Data-hogging cellphones are everywhere now, cluttering up the landscape like jackrabbits gone wild. But most folks don't want the humongous cell phone towers needed to keep their reception humming along anywhere near their homes. It's a dichotomy the cellphone antenna and tower makers are increasingly seeking to address -- and last month, Alcatel-Lucent (ALU) became the latest company to dial into the dilemma.
Alcatel-Lucent's lightRadio, a boxy 2-inch cellular antenna and base station system, is part of a growing trend towards shrinking traditional cellular towers --while boosting network capacities with additional cellular antenna systems. Over the years, telephone carriers have turned to microcell, picocell, femtocell and, more recently in the last few years, distributed antenna systems (DAS), in an effort to appease communities opposed to traditional cellphone towers. And with these smaller antenna systems facing less opposition through the permitting approval process, telephone carriers are able to both set them up quicker, while servicing the explosive growth in cellphones and mobile data usage.
Elaborate Camouflage Strategies
"There has always been some opposition to cell towers, but cellphone usage used to be so low that there was so few cell phone towers needed," says Michael Harris, founder and principal consultant for Kinetic Strategies. "Now, more towers are needed because people love their cellphones. To give people the cell coverage they want, you're going to need more towers but people don't want to look at towers."
Indeed. Telephone carriers and cell tower operators sometimes come up with stealth-like strategies to camouflage cell towers -- making them look like palm trees, pine trees, farm silos, cactus and other less offensive parts of the local landscape:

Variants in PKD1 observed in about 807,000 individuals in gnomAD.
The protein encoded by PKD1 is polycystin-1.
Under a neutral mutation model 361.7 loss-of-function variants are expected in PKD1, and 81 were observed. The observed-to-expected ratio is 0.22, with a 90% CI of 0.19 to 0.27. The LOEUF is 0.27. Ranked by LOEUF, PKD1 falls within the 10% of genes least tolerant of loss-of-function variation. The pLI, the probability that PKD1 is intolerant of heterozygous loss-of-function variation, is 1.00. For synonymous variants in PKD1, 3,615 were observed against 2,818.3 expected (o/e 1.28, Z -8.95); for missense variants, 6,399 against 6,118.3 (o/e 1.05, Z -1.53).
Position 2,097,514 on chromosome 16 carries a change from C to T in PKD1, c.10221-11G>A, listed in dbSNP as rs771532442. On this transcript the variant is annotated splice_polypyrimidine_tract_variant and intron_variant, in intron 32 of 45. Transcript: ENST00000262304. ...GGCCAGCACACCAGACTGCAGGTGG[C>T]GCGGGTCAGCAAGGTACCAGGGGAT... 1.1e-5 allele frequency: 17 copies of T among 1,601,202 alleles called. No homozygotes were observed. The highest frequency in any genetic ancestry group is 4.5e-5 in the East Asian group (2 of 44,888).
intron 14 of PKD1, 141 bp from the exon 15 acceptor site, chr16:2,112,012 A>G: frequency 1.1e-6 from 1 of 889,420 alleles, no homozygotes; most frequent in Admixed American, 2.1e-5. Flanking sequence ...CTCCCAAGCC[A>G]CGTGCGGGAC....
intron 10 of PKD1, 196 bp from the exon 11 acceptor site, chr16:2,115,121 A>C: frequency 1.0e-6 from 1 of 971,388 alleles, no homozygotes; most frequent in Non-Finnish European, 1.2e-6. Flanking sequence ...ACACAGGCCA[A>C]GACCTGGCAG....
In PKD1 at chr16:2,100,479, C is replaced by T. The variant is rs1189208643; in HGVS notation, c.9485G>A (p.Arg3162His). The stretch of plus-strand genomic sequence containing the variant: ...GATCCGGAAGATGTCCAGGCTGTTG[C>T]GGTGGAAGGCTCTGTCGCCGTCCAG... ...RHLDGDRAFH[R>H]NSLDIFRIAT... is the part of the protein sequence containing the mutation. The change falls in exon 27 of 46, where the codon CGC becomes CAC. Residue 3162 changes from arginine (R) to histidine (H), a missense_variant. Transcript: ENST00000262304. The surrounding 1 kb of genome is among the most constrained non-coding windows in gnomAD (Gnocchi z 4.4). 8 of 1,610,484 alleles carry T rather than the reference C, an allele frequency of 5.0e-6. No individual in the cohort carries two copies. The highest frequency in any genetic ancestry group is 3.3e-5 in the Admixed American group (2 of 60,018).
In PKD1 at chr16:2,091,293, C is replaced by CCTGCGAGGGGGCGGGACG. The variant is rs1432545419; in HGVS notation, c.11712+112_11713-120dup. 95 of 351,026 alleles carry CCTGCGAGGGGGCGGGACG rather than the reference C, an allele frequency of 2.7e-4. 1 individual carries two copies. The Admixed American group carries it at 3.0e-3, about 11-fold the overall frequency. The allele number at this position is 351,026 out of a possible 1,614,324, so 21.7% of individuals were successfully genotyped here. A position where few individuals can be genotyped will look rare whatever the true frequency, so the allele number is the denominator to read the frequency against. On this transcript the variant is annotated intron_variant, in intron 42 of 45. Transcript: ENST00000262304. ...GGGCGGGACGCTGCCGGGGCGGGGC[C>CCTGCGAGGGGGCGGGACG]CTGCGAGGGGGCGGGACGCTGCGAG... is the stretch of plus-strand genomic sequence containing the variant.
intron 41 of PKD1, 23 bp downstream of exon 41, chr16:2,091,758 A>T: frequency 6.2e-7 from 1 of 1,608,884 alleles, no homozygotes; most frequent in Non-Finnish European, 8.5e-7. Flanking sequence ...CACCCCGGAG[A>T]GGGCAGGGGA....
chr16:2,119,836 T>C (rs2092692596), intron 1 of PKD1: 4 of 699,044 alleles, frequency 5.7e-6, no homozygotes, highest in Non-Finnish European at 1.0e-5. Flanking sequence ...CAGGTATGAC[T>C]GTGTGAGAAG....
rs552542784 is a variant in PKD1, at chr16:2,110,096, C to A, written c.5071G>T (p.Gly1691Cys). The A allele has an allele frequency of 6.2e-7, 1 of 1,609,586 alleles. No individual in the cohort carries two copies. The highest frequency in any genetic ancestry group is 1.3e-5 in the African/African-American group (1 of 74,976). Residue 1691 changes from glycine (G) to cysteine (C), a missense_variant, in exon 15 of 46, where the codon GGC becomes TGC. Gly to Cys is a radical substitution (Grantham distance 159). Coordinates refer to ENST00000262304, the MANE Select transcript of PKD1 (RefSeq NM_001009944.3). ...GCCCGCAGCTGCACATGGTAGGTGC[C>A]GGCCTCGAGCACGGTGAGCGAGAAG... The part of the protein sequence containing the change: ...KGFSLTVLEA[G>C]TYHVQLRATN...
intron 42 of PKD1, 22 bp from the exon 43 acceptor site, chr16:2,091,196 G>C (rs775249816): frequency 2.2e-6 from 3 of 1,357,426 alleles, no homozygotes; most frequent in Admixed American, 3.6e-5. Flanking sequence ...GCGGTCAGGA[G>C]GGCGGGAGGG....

"What we're experiencing now is a lot of deployments on alternative structures like church steeples, bell towers, or behind score boards at stadiums," says David Wendlandt, managing partner at tower operator TowerSource. "It's still expensive to put these antennas up, but the time to market is a lot faster. And time to market is key for carriers."
Is Small Necessarily Better?
Wendlandt says that, typically, it takes several hundred thousand dollars and a year or two to build and install a traditional cell tower. And while microcell and picocell sites will still need to undergo the same permitting and approval process, the time to market is faster, he notes -- since they likely face less community opposition and, in a number of cases, use existing structures for the antennas.
But even these smaller celluar antennas systems are not without their detractors. The Coalition for Local Oversight of Utility Technologies issued this statement: "If the goal is really to minimize the impacts of wireless infrastructure on communities around the country, the focus should not be on developing an ever-proliferating range of wireless devices, but rather on building out a future-proof, technologically superior fiber-to-the-home broadband network throughout the United States as exists in other countries around the world."
Femtocells, roughly the size of a book, are the smallest cellular antenna compared with picocells and microcells. These devices are purchased and installed by customers -- and tend to be used in homes and offices to boost network reception for cellphones and data usage.
Improving Consumer Coverage
"Customers know best where they are the most often and where their signal is the weakest. As a result, the femtocell is an easy solution," says Kinetic Strategies' Michael Harris. Although the femtocells can help reduce some data congestion on a carrier's network -- and have the added benefit of having the consumer bear the cost for that upgrade -- Harris notes carriers "can't count on the customer" to be the main source of helping them to build out their network.